AT&T Drive Studio and Connected Car
I recently had a chance to check out the Tesla Model X (which is awesome) and was inspired to write a blog on the Connected Car space. For those not familiar with the Model X, it is a full-size cross-over utility vehicle with “falcon-wing” doors (similar to gull-wing—but on hinges). It is an electric car with an estimated range of 260 miles. More than this though, AT&T is providing connectivity for telematics, remote engine diagnostics, and infotainment features on a really cool in-car 17-inch touchscreen (that is really intuitive).
This car and technology package is something I am very excited about—and I think many will feel the same way. To help developers tap into this opportunity, we announced AT&T Drive and AT&T Drive Studio at our Developer Summit. AT&T Drive is a modular, connected car platform and AT&T Drive Studio is a physical lab where developers can test how their solutions run on the platform (in Atlanta, near our Foundry). AT&T Drive is powered by the Ericsson Connected Vehicle Cloud.
AT&T has been working with developers in this space for a little while. We have had some hackathons on this (we gave away a car at our 2013 Developer Summit) and have talked about development. These offers make it much easier for developers to get involved in this space and hopefully other carriers will follow our work with Ericsson and help extend development globally.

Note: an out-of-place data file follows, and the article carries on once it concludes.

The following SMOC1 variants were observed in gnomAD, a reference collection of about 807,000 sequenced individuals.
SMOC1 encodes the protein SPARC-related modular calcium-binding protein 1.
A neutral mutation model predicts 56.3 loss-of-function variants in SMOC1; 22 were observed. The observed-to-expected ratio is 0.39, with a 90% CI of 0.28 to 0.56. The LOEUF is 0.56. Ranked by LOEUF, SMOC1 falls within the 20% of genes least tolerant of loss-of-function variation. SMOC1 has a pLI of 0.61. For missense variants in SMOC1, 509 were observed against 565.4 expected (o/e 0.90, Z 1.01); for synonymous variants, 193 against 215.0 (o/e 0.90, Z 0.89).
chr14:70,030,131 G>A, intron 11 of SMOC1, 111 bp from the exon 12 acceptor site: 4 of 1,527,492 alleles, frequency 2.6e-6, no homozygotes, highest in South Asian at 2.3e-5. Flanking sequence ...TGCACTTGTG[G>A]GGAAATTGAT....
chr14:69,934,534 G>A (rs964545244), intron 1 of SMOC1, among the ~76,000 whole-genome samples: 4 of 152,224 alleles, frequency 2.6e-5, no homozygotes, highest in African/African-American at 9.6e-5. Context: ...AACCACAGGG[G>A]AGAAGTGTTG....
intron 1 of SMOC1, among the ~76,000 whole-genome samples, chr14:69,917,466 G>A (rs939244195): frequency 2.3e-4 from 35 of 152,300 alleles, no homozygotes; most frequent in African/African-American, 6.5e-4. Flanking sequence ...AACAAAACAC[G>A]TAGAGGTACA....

What about distribution and monetization? As this space evolves, this will be a challenge but those developers who will be successful will probably be those who get in early before there is a clear path. We know there has to be a path to money for devs to support this and AT&T is working with Amdocs to provide billing and monetization.
What types of applications will succeed? This is always tough to say. Clearly, some existing applications will port over and do well. One of the themes I talked about in my Summit track session was how every new platform over the last 50 years (from PCs to different gaming platforms to smartphones) sparked some new, successful, disruptive applications. Some apps made transitions successfully, but for each successful platform there was more than one application that found some unique idea and did well. That is what is great here from my perspective. We are opening up this platform to let developers come up with great solutions that we cannot even imagine now.
We do not have a lot of details on this yet, but please follow our blog and newsletters as we begin to expose different elements of this.